Teething Babies with Down Syndrome
Infants with Down syndrome may develop symptoms of teething that are attributed to other reasons, causing parents to delay simple techniques to comfort their baby, help manage pain or watch for distressing side effects. Aspirin should not be given to children or teens due to the danger of Reyes Syndrome.
Drooling, fever, nausea and earaches are all common problems for teething babies. Some feel comfort sucking or chewing on clean, wet, cold washclothes; teething rings; cloth toys; and frozen/slushy breastmilk, banana, or other food in a mesh baby feeder. Amber beads or other necklaces are not recommended for babies or young children.
Massaging the baby's gums with your finger, with or without a finger cover, can bring babies relief as well as keeping their gums and erupting teeth clean. Toothpaste should not be swallowed by babies or toddlers, so be cautious in using even the smallest amounts. Recently medical professionals have advised against giving infants teething medications containing numbing agent benzocaine, found in Anbesol Baby and Baby Orajel, and many parents are cautious after a recall of Hyland’s Teething Tablets.
Some teething babies may not express distress over the pain they feel, but become fussy or sleepless, and may even refuse nourishment or nursing because they have fluid build-up or infection in their smaller ear canals, a runny nose or post-nasal drip. Some babies get so tired they are unable to fall asleep, and may fuss or cry even while being comforted. Advice to let a baby 'cry it out' or 'self-soothe' often results in an inconsolable baby who has learned that communication does not work.
Over the counter pain relievers can help relieve teething pain, but may be difficult to administer to an uncomfortable child. Most babies I have met prefer cherry over grape flavor, but manufacturers are offering clear flavored liquids so what is sprayed or spit out is less likely to cause permanent stains on clothes, carpets or walls. Consult a medical professional for the recommended dose of infant pain relievers, especially acetaminophen younger than 3 mont and ibuprofen under 6 months.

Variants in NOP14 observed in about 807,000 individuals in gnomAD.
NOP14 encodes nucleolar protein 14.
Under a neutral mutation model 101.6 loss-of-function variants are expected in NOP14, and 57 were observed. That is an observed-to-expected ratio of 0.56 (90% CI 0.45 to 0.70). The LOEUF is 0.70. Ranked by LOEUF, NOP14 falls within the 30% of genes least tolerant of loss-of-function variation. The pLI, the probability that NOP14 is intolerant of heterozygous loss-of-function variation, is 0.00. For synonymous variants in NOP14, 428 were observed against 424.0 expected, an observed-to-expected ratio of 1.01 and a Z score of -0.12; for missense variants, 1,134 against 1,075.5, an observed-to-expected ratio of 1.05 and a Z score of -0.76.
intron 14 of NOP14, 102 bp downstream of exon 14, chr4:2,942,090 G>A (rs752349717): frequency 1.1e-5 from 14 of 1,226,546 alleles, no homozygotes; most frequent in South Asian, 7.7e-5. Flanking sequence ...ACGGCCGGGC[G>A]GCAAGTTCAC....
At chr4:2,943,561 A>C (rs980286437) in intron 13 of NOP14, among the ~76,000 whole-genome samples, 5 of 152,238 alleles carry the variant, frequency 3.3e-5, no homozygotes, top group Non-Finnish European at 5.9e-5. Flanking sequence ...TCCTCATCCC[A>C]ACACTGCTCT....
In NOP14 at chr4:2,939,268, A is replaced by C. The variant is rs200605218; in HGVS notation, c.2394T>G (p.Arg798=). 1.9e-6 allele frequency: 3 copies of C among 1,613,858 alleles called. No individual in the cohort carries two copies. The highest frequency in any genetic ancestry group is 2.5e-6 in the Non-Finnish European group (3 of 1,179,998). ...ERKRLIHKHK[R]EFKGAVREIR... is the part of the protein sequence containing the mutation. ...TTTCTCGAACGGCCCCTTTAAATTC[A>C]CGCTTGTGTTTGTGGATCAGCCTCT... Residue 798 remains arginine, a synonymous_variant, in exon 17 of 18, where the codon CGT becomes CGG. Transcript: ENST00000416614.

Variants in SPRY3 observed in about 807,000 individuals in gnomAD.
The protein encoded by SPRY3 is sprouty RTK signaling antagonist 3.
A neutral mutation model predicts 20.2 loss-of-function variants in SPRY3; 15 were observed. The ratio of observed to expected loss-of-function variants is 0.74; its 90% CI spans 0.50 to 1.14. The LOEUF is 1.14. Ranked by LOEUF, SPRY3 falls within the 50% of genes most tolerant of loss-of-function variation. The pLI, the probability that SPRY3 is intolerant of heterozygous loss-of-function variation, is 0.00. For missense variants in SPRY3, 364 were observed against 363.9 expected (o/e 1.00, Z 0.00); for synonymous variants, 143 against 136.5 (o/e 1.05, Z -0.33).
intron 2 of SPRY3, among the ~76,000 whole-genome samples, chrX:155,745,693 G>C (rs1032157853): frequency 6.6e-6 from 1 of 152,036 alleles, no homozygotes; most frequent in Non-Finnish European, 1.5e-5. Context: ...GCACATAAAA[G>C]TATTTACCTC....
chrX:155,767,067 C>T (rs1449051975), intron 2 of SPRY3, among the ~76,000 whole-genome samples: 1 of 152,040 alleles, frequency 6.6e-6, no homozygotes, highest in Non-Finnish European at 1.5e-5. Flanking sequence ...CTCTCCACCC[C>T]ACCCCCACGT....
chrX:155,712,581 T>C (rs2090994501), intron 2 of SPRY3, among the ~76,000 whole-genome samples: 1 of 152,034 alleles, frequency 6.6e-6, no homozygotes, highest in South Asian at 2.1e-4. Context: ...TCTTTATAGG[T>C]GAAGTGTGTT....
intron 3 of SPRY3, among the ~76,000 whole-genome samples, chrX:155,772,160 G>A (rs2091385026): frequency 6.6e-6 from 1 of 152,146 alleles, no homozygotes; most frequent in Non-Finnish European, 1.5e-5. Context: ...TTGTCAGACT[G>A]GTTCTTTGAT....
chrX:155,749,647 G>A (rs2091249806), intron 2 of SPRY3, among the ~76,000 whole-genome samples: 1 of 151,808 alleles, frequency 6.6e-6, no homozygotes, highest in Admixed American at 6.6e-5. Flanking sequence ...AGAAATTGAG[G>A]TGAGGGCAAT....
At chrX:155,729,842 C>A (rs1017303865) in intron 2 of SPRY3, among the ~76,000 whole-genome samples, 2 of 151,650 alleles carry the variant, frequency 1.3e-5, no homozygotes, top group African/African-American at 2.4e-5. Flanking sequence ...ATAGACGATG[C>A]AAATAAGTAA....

Teething infants may be uncomfortable in their usual sleeping positions in their crib and prefer to sit up or stand, even before they are capable of doing so on their own. If they are rocked to sleep, they may wake up when put in their beds, as their ears, throat, nose or gums may cause them discomfort. Although attention may not seem to make a difference, it is important to teach our children that when they are hurting, we will be there for them.
Some infants with Down syndrome may have teeth erupt in a different order than is expected, or may have missing teeth. These are just human variations that also occur in some of their mainstream peers. Primary teeth are usually expected between 8 months and a year, and usually continue erupting until the child is almost three years old. Permanent teeth emerge at about six years, and may not replace most primary teeth until the teen years. These 'baby teeth' are quite important.
Children with Down syndrome are more likely to have articulation difficulties as well as communication delays, and both primary and permanent teeth are critical in giving them the best opportunity for clear speech. Unhealthy teeth or gums can cause nutrition problems as well as affecting speech and appearance. Like their mainstream peers, babies and toddlers with Down syndrome benefit from mouth health and early dental care.
Toddlers and older children with Down syndrome may not be able to communicate about their pain or discomfort effectively, or may believe that the discomfort of teething is a new normal that they have to manage on their own. Providing tools and using strategies that benefit their siblings and mainstream peers may provide a degree of comfort that an infant or young child does not know is available. It is a disproven myth that individuals with Down syndrome have a high pain tolerance or don't feel pain. It was not that long ago that medical professionals believed that no baby could feel pain. We know better, now.
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